19. [43]
    Having regard to his formal and practical experience in the field of the assessment of the risks of recidivism in offenders, Professor Freeman offered his opinion about the appellant’s prospects.  He noted that the appellant had told him that his plans were to maintain his abstinence from substance use, to become a practising lawyer, to focus on his relationship and his duties as a parent and to avoid contact with his past drug associates.  Professor Freeman noted as significant that the appellant completed the practical training component of his legal education after his arrest.
  20. [44]
    Professor Freeman was aware that, although the appellant had treated his back pain with illegally obtained cannabis, since his arrest he has been prescribed a therapeutic version of the drug.  Documentary evidence of this prescription was tendered in evidence.  Professor Freeman noted the consequential elimination of this as a factor in recidivism.
  21. [45]
    In Professor Freeman’s opinion, the appellant’s risk of recidivism was linked with maintaining his abstinence from drug use and avoiding contact with those people who condone such use.  He also noted that the appellant’s family, his employment opportunities and his commitment to ongoing treatment are “protective factors”.  Professor Freeman concluded that “if [the appellant] can achieve the above outlined goals, [his] prognosis for the future can be considered positive”.  Earlier in his report, when referring to the report of Mr Holt, Professor Freeman observed that Mr Holt’s view was that the appellant could be considered in the “low risk category for re-offending”.
  22. [46]
    Professor Freeman’s report contained much that was relevant to the exercise of the sentencing discretion.  The matters in that report concerning the genesis of this serious offending by an intelligent and educated family man who is otherwise of good character are highly material to questions of personal deterrence and, consequently, consideration of whether imprisonment, as a sentence of last resort,[6] should be imposed or whether it would be more just to impose a “sentence that allows the offender to stay in the community”, which the Penalties and Sentences Act 1992 prescribes to be the “preferable” sentence.[7]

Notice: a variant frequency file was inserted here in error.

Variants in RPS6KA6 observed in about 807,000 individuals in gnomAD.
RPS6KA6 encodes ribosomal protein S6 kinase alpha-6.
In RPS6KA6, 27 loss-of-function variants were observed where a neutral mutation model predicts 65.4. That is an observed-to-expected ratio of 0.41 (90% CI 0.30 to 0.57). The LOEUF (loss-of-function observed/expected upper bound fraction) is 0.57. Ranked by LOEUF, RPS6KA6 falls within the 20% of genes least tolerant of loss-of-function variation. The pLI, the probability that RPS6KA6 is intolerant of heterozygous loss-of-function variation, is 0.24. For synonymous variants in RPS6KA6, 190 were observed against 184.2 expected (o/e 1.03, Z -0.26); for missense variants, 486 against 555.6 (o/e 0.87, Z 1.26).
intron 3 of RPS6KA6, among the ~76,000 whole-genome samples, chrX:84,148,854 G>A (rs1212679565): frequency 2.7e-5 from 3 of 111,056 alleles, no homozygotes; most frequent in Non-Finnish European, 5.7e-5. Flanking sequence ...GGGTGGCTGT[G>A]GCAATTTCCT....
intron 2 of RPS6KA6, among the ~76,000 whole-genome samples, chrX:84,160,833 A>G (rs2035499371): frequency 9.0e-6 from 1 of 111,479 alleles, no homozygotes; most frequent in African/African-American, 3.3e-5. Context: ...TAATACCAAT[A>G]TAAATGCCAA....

23. [47]
    The question whether the appellant was likely to reoffend was, obviously, of the highest importance.  Professor Freeman’s qualifications particularly suited him to give an opinion about this matter.
  24. [48]
    The appellant’s drug addiction was relevant in a number of ways.  In the circumstances of a drug possession case it was relevant to the degree to which the appellant was “to blame for the offence”, a matter that it is necessary to consider by virtue of s 9(2)(d) of the Act.
  25. [49]
    Of even greater importance to the sentencing of the appellant, the maximum penalty for the offence for which a person is being sentenced is a fundamental factor in sentencing and s 9(2)(b) of the statute requires it to be considered.  Count 1 on the indictment charged an offence against s 9(1)(b) of the Drugs Misuse Act 1986, relevantly, possession of cocaine in a quantity exceeding 2 grams.  Section 9(1)(b) of that Act prescribes a maximum penalty of 25 years imprisonment for that offence unless the offender satisfies the court that he or she was a “drug dependent person”, in which case the maximum penalty is reduced to 20 years imprisonment.  In this case, whether the appellant was drug dependent arose as an issue and the sentencing judge had to decide it.
  26. [50]
    The unchallenged evidence of Professor Freeman established that the appellant was only liable to be sentenced for the lesser maximum penalty.
  27. [51]
    Whether the evidence of a person who is called as an expert witness should be accepted is to be decided according to long established principles which, relevantly, include these:
    1. (a)
      There must be a field of specialised knowledge;[8]
    2. (b)
      The witness must demonstrate that, by reason of study or experience, the witness is an expert in a particular aspect of that field and this is a question of fact.[9]
  28. [52]
    It is this second requirement that is germane to this case.  Whatever might be the apparent formal limits of a field of expertise, the knowledge gained from practical experience may also qualify, or further qualify, a person as an expert.  Thus, in Vander Donckt v Thellusson,[10] it was held that a person, who had carried on a business that required him to become conversant with a particular area of foreign law, was qualified to give evidence about it although he was not a lawyer.  In R v Somers[11] a general medical practitioner was held to be qualified to give evidence about the rate of metabolization of alcohol in the blood based upon his reading and understanding of technical literature.
  29. [53]
    As explained by Heydon JA in Makita (Aust) Pty Ltd v Sprowles,[12] the expert must:
    1. (a)
      identify the relevant field of knowledge;
    2. (b)
      identify an aspect of that field of knowledge, relevant to the issue in question in the case, in which the witness claims to be an expert;